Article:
Dear Debt Adviser,
I am emailing you in hopes of getting some honest advice. I recently owned a condo in Atlanta, and I financed it with two mortgages. I used a first mortgage and a home equity loan/line of credit. This was not my primary residence. I’m one of the many people who tried to rent out my condo because I couldn’t sell and break even. Long story short: The bank foreclosed three weeks ago. I continue to get threatening calls from the bank concerning my equity loan. So my question is: What should I do about the loan balance? I don’t have the money to pay it off. Will they take me to court, garnish my wages or just keep calling me? What’s your advice? Thanks in advance.
If this wasn’t your primary residence, then I’ll assume you bought this condo as an investment hoping to make money. When an investor plunks down money on an asset, it is often said they are making a bet. In your case, you bet and lost. As a result, the rules that govern unpaid mortgage debts in your situation are different from those of a homeowner who buys and loses a home he or she bought as a primary residence.
Expect your lender to come after you for the deficiency balance after the property is sold. Yes, they will sue you and go after wages to the extent allowed by state law. If you were in a nonrecourse state (Alaska, Arizona, California, Connecticut, Florida, Idaho, Minnesota, North Carolina, North Dakota, Texas, Utah and Washington), you could not be sued for the deficiency. In addition, state laws vary on what actions lenders can pursue in collecting from a homeowner for deficiency balances once a home has been foreclosed upon, is sold in a short sale or otherwise falls short of the full loan balance due.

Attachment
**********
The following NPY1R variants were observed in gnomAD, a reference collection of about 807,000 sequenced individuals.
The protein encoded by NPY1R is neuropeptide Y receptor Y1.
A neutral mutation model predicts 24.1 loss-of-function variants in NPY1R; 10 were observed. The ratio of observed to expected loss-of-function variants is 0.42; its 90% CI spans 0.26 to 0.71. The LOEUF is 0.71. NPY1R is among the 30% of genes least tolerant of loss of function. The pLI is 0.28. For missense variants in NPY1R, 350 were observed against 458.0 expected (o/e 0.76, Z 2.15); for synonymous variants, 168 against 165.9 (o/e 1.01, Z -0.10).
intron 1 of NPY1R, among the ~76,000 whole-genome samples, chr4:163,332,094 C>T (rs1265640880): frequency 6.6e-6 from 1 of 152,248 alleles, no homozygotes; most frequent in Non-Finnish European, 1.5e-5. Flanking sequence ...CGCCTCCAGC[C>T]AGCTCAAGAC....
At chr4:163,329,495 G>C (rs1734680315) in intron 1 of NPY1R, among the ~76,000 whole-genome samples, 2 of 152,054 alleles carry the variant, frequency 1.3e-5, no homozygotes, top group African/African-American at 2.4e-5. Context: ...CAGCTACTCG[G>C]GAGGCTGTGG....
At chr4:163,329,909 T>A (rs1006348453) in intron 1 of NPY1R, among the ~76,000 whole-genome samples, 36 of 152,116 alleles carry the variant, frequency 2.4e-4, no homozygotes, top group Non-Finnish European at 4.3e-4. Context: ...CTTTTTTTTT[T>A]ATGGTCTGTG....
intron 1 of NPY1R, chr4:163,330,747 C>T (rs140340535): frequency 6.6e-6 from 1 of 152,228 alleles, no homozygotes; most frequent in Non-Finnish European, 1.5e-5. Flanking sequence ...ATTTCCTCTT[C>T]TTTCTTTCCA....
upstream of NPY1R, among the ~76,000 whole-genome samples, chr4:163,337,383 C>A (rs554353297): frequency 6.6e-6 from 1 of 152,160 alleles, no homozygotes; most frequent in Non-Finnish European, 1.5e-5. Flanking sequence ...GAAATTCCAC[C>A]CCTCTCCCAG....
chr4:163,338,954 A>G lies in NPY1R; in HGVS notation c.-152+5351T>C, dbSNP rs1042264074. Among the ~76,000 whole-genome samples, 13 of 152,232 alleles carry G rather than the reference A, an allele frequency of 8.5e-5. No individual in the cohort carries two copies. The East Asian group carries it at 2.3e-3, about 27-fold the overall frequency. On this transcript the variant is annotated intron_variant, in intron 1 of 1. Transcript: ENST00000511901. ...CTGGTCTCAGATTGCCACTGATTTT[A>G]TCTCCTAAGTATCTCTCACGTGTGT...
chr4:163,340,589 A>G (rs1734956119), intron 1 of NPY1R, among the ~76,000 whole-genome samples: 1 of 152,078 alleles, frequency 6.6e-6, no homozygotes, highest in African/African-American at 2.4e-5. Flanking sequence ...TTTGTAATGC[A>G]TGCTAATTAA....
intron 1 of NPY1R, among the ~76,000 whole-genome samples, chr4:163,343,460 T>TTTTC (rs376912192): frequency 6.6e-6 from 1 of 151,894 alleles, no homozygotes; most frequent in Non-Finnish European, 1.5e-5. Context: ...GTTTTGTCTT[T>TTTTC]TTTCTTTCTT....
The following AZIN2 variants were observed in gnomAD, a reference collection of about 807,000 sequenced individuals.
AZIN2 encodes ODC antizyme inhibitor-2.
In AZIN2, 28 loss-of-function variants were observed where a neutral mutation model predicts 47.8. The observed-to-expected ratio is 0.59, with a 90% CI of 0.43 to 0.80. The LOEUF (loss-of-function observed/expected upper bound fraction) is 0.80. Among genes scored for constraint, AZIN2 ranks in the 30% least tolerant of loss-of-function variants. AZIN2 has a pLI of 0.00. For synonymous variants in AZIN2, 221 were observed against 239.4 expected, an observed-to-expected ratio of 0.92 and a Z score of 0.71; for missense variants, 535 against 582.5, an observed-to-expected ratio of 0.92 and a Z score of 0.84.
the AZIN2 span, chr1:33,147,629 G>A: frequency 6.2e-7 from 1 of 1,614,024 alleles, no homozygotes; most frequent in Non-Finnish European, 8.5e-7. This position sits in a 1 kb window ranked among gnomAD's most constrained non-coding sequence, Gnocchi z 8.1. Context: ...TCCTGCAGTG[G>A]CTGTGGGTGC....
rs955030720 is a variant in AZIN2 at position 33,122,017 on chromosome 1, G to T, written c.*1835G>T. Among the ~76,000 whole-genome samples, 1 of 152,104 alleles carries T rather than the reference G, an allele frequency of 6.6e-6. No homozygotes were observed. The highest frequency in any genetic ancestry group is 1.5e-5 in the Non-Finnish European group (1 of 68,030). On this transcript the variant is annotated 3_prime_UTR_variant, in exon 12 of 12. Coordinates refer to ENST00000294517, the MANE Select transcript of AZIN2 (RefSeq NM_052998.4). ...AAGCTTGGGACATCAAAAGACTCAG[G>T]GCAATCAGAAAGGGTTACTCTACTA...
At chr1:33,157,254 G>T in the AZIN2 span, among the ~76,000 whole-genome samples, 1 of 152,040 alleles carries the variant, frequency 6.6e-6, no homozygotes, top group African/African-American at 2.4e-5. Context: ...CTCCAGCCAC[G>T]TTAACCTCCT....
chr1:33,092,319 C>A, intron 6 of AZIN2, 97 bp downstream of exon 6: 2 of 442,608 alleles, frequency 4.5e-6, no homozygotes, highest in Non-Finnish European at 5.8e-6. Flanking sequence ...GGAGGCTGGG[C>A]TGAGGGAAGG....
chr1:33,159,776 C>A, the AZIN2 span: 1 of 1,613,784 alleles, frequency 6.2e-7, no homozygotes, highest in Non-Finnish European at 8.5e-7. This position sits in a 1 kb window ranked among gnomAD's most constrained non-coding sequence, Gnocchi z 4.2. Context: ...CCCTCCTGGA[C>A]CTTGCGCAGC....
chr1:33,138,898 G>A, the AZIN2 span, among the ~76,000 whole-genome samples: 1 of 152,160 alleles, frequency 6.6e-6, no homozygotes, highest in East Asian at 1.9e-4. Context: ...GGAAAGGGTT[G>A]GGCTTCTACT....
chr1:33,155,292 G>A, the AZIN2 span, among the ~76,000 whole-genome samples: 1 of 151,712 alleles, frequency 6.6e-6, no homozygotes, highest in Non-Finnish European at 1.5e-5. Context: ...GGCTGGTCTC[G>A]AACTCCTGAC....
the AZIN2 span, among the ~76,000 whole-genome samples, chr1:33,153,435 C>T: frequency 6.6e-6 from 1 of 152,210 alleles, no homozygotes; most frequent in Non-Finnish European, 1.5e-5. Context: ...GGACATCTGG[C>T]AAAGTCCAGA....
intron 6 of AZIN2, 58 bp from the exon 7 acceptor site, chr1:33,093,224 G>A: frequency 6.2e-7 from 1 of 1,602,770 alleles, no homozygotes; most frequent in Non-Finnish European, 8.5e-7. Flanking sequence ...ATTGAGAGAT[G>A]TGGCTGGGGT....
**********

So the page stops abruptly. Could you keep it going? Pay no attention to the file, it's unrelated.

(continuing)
In your state of Georgia, the lender must file an application to collect a deficiency balance with the court along with proof the home has sold. The lender must do this no later than 30 days after the home sells in order to collect the debt. If more than 30 days have expired after the sale of the home, the application would be thrown out by the court. The trouble is, banks may hold on to the home for months or years after a foreclosure before the home is sold. As a result, it is important to stay in touch with your lender or a Realtor, so you will know when the home is sold and if the 30 days is up. Any conversations with the bank will likely continue to be unpleasant because you don’t have the money you owe them. Still, it is to your advantage to keep the communication lines open.
As to what you might do about the debt, my suggestion is to try to come to some sort of payment plan with the bank. Also review your other assets to see if you can borrow on them or sell them outright to make a dent in the bill. I spoke to Matthew Harvey, supervisor for the Homeownership Preservation Foundation at Take Charge America. He recommends seeking the advice of a real estate or bankruptcy attorney to learn all the possible legal ramifications and your options due to the foreclosure. Remember, you will probably have tax considerations on any forgiven amounts for your first or your second mortgages. The Mortgage Forgiveness Debt Relief Act of 2007 does not apply to investments or second residences. So, even if you escape the bank’s collectors, you’ll still have to deal with the Internal Revenue Service to pay a hefty tax bill as a result of the foreclosure — and the IRS is a creditor you don’t want to owe.
The bottom line is you can almost certainly expect your lender to attempt to collect the deficiency balance on your mortgages. My advice is to try to come to terms with the bank or explore your legal remedies. This is one debt you don’t want to ignore.